In Ideas Have Consequences (1948), Richard Weaver described comfort as the god of modern man. Even in our post-modern times, mass man continues to kneel at the altar of comfort though he occasionally does obeisance to lesser gods such as equality and wokeness. Weaver’s writings challenged man to exchange the ease promised by technological advancement for a strenuous and romantic life that existed in non-materialist societies of days gone by. Specifically, Weaver pointed to the Old South as “the last non-materialist civilization in the Western World” and touted its virtues.

Mass man has shown little inclination to heed Weaver’s advice, but the coronavirus panic of 2020 is shaking people. Indeed, the god of comfort does not look so vigorous today. Comfort resembles the Philistine fertility god Dagon who had the Ark of the Covenant placed at his feet in the temple located in Ashdod. (1 Samuel 5:1-5) The Philistines had captured the Ark after the Israelites, without consulting Jehovah, impiously attempted to use it as some sort of magic box to give them victory in battle. Dagon did not fare well when alone at night with the Ark and was found by his priests toppled from his throne and later decapitated. One can assume the look on the faces of the pagan priests who found the mistreated Dagon to be akin to that of so many Westerners confined to high-rise apartments and surrounded by supplies of toilet paper and packaged meals snatched up as shelter-in-place orders issued.

The appropriate response of the remnant to mass man and his shaken faith in the god of comfort should be one of compassion. As Weaver noted, mass man has been taught from the cradle a false interpretation of life in which he is promised that “progress is automatic.” Consequently, “he is not prepared to understand impediments” arising and blocking his manicured path. Liberalism long ago rejected the Christian Faith and its pledge of trials in this world. What is left of the Church often embraces the so-called prosperity Gospel and its promise of earthly mansions and high-end automobiles if one simply has enough faith. Liberalism defies any outside force to interrupt the march of progress on which society has come to depend and expect. “[Mass man] has been told in substance that the world is conditioned, and when unconditioned forces enter to put an end to his idyl,” Weaver observed, “he naturally suffers frustration.”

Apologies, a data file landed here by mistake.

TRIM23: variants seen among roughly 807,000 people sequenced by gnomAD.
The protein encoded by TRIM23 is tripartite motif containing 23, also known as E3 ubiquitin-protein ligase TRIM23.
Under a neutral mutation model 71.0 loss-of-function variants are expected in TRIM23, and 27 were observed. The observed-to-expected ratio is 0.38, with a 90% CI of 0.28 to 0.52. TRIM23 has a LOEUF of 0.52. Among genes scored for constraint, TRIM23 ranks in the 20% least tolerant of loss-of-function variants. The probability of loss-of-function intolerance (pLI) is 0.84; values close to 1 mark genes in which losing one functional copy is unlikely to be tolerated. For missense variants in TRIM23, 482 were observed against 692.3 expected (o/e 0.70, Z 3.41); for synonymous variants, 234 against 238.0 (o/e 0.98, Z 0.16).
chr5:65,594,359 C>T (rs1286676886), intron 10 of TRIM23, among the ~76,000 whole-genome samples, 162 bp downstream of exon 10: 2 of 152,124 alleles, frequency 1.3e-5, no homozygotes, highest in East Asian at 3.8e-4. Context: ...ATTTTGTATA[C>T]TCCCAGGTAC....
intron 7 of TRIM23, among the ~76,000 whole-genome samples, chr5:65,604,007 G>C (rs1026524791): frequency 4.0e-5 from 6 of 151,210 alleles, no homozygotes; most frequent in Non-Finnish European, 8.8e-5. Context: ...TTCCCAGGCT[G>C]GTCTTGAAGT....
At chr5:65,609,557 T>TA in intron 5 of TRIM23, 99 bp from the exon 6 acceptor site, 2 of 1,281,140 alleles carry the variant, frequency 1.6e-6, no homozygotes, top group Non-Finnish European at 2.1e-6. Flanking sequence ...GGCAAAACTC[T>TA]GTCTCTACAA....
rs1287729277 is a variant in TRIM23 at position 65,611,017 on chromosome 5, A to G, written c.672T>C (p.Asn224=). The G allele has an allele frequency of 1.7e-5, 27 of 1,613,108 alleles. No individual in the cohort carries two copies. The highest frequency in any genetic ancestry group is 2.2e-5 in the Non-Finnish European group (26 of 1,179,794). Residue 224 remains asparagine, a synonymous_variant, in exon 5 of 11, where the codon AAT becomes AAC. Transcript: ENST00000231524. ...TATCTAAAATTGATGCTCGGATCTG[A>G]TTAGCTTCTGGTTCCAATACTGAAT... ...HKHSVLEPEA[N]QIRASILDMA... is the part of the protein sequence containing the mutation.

Weaver pointed to the “Great Stereopticon” as shielding man from truth in the world. By this he meant the mass media, which in his day was radio, Hollywood, and newspapers. Much like a white noise machine for an insomniac, the Great Stereopticon drowns out the sound of reality and puts its charge to sleep with the artificial. In our time, the Great Stereopticon has only grown stronger with the internet and multiple 24-hour cable news networks. Events are “refracted through a medium which colors them as effectively as the cosmology of the medieval scientist determined his view of the starry heavens.” Our night sky, through coordinated efforts that Weaver could not imagine, is cloudless with satellites crisscrossing and guaranteeing instantaneous communications, video gaming, and mindless entertainment.

Man’s dalliance with the god of comfort, Weaver postulated, began when urban living eclipsed rural life. “After man has left the countryside to shut himself up in vast piles of stone, after he has lost what Sir Thomas Browne called pudor rusticus, after he has come to depend on a complicated system of human exchange for survival, he becomes forgetful of the overriding mystery of creation.” Living in such an artificial environment of the city encourages man to believe that nothing is beyond his control. Such an environment, amplified by the noise of the Great Stereopticon, gives a false sense of assurance.